“Jerry, it’s Frank Costanza…George is dead. Call me back.”

A provocative challenge to leave on someone’s voicemail when you want to get their attention–even if what you have to say is not that important.

When George discovered that accidentally locking his keys in his car in a primo parking place at work made him look like the primo employee–first in, last out–he took off for a little R&R…until George’s boss thought he was R.I.P. And this was the WTF response that George’s father left on Jerry’s answering machine when he found out.

With texting, e-mail, and caller ID replacing voices in sending messages, voicemail demands the kind of creativity that George demonstrated when he once sang a famous TV show song with a twist on his answering machine (“…believe it or not, I’m not hooome”). But that was a voicemail greeting. Leaving a voicemail is another story–one that must often happen in mere seconds.

You can use George’s same creativity, courtesy of George’s dad, with this line that works on anyone. Substituting the proper names and even explaining the death reference is no problem because this is a shameless reference to the Seinfeld show–making this one unique among Seinfeld-isms: it doesn’t fit directly into conversation, so you’re likely to get a What was that? And that’s good, because you just got yourself a call back.

Equally good: you get to explain the origin of the reference and, perhaps, why you refer to this show at all.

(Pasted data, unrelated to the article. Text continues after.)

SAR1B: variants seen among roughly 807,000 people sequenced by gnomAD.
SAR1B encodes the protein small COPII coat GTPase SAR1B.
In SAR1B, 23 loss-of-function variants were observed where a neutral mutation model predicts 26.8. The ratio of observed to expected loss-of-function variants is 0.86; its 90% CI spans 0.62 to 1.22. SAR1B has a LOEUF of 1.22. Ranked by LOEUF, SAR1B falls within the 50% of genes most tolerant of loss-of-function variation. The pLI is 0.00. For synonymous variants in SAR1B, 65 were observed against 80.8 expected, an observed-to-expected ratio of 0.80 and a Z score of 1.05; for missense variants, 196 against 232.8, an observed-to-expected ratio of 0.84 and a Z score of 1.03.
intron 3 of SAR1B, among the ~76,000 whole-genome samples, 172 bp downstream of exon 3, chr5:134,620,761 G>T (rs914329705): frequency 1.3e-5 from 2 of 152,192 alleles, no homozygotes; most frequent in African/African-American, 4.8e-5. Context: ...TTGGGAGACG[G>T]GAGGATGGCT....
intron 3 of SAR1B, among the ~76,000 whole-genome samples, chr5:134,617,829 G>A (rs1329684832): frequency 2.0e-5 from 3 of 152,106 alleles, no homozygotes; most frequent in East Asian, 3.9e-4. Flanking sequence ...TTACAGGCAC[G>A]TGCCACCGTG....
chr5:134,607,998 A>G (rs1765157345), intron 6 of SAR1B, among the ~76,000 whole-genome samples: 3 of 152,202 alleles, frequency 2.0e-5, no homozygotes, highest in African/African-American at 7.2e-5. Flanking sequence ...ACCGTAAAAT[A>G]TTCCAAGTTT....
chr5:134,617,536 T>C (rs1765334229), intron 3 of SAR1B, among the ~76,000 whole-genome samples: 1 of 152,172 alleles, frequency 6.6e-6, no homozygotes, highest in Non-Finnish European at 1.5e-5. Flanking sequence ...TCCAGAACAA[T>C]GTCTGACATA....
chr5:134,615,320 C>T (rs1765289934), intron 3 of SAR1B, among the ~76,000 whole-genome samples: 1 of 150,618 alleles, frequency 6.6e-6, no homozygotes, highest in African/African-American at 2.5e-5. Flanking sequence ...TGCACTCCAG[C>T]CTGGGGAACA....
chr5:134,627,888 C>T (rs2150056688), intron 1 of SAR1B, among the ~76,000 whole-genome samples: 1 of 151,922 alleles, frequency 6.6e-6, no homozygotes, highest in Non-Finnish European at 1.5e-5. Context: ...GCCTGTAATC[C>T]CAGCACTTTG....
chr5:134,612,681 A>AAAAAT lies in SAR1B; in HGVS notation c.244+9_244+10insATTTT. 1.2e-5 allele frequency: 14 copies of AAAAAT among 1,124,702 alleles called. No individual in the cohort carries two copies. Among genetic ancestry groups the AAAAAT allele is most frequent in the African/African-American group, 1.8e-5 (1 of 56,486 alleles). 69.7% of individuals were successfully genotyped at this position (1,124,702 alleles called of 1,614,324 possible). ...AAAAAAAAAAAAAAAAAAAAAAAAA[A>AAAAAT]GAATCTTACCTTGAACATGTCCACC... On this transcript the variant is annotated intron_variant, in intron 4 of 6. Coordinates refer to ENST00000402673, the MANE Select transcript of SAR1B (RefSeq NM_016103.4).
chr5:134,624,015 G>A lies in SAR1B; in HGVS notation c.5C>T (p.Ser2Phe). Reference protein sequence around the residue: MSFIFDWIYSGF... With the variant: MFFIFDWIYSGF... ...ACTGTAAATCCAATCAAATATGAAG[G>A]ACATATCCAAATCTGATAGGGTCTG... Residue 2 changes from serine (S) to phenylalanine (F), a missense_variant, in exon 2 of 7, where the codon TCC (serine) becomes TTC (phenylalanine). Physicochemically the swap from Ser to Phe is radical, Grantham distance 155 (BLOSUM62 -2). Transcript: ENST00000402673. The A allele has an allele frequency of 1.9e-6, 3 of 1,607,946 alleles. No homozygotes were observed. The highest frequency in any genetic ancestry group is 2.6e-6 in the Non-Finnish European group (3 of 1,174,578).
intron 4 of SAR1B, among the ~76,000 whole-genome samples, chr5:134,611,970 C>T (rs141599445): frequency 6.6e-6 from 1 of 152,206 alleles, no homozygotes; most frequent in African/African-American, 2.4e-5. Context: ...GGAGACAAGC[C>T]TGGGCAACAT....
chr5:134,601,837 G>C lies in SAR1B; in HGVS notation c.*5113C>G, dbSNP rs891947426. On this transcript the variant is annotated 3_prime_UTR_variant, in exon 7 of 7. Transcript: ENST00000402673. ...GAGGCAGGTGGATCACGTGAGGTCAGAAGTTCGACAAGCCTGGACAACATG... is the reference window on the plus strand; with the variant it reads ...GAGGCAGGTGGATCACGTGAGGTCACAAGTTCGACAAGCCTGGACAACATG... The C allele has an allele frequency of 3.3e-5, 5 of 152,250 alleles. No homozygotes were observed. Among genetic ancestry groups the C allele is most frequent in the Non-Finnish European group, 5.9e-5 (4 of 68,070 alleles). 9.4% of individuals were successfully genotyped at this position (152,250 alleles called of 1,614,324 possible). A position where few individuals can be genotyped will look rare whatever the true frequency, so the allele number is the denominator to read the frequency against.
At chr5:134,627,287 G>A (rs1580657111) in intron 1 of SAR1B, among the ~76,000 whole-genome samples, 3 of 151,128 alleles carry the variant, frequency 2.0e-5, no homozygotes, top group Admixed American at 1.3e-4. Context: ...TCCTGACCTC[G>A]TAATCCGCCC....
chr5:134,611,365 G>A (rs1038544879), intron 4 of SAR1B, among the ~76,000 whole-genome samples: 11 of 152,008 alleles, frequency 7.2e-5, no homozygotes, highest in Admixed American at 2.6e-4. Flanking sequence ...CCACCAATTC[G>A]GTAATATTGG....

And leaving a voicemail like this is a great illustration of why that is: referring to Seinfeld is the equivalent of having a bevy of comedic writers at your disposal, so you’re never at a loss for words. Not even when you call expecting to get someone on the phone and what you get instead is 15 seconds to explain yourself.

From “The Caddy”
Episode 12, Season 7
Seinfeld Volume 6, Disc 2
Timecode for the scene: 16:00

Dedicated to Chris and Matt

2 Responses

  1. This episode actually came into play in my professional life on the same day it was posted. I’m in the construction field and recently turned over a new building to the tenants. One of the tenant’s employees commented to me that his light would not shut off. I told him that, like George Costanza, this could be a good thing. The boss would think he was always around, the hardest-working employee.

    Better still, he replied to me that he had no intention of building a nap shelf under his desk. Safe to say – another Seinfeld-ian.

  2. And thus the origin of this blog itself: life is full of too many moments, addressed by too many Seinfeld lines, to not put the best of those lines into one place.

    Thanks for the anecdote! Too funny–and oh so cathartic–to hear how these lines come up in lives other than my own…

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